The restaurant’s catering operation produces 90 percent of total business. It is also, as in many restaurant operations, the source of much of its profit. Hence Rita’s role is significant. A former resident of Downey and transplanted to Menifee near Temecula, she has a BA in graphic arts and design from Cal State Long Beach and she uses these skills to advantage: in addition to managing Cafe N’ Stuff’s catering department, she says “I design all of our menus, advertising, marketing and uniforms. Yes, I make the crazy drive everyday, 72 miles one way. I really must love my job.” She was born in Artesia and raised in Huntington Park. She’d had 18 years of catering experience in Huntington Park before joining up with Ebie.
In addition to the restaurant’s service staff of three waitresses and one waiter (all of whom have been with the company for a long time), the catering department has for the past ten years been functioning with the same four fulltime staff and about thirty part-time servers. Ebie says they service customers’ needs within a 25-mile radius, especially such areas as Whittier, Bellflower, Cerritos, Santa Fe Springs, South Gate, Montebello, Long Beach, parts of Orange County, and Los Angeles.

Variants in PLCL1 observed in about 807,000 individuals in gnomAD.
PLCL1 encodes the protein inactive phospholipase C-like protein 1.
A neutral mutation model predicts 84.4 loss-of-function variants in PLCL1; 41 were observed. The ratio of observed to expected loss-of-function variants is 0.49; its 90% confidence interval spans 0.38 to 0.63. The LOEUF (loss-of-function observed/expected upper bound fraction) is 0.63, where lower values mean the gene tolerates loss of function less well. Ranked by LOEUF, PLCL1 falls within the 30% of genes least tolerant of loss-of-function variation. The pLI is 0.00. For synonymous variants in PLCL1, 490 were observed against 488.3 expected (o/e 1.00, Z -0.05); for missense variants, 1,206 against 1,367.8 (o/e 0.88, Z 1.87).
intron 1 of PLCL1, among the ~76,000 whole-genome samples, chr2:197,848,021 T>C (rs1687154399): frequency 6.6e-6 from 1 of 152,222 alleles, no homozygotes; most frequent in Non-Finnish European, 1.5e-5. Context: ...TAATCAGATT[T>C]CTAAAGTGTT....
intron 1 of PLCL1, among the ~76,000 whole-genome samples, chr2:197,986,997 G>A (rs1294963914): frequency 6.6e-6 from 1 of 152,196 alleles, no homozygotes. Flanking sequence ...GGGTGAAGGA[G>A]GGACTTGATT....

“We work as family. We’ve had no staff lay-offs, even during the bad times,” Rita said.
“We specialize in weddings, corporate functions, and quinceaneras,” she adds. Wedding groups range from thirty to three hundred people. Cafe N’ Stuff has also made service arrangements with such parties/groups as the OASIS Club held at Columbus High and the Seniors’ Club for its special events (e.g., the Mother’s Day Tea in May, the Valentine’s Dinner), as well as entered into a partnership with the Downey Theater to provide food and beverage.
Further, it has entered into an exclusive arrangement with the city of Santa Fe Springs to handle its catering for all their Heritage Park events such as weddings, picnics, and other special events.
Users of its meeting/conference room include the Toastmasters’ Club, the Exchange Club, the Sertoma Club, and the Downey Networking Club; the Kiwanis Club board as well as the Optimist Club of Cerritos (of which Ebie is a member) also hold their meetings in the restaurant.
Soccer was Ebie’s sport in high school (in Iran). Today he likes to play racquetball. Rita says Ebie “watches all sports” (football, Lakers basketball, baseball, etc.). Lately he has taken to fishing: he went to Sitka, Alaska last August, and he is gearing up for another trip this summer.
He makes sure he is involved in the community, for networking purposes, to volunteer his services. He says his memberships in these service groups provide him with an opportunity to “give back to the community.” A member of: the Chamber of Commerce as well as Kiwanis for 24 years, he is also active with the Elks Lodge, the Lions Club of Whittier, and the aforementioned Cerritos Optimist Club.
Still a resident of Torrance, site of his first restaurant venture, Ebie says running Cafe N’ Stuff involves long hours but it has also provided him with a good slice of the American Dream.
Published: April 4, 2013 – Volume 11 – Issue 51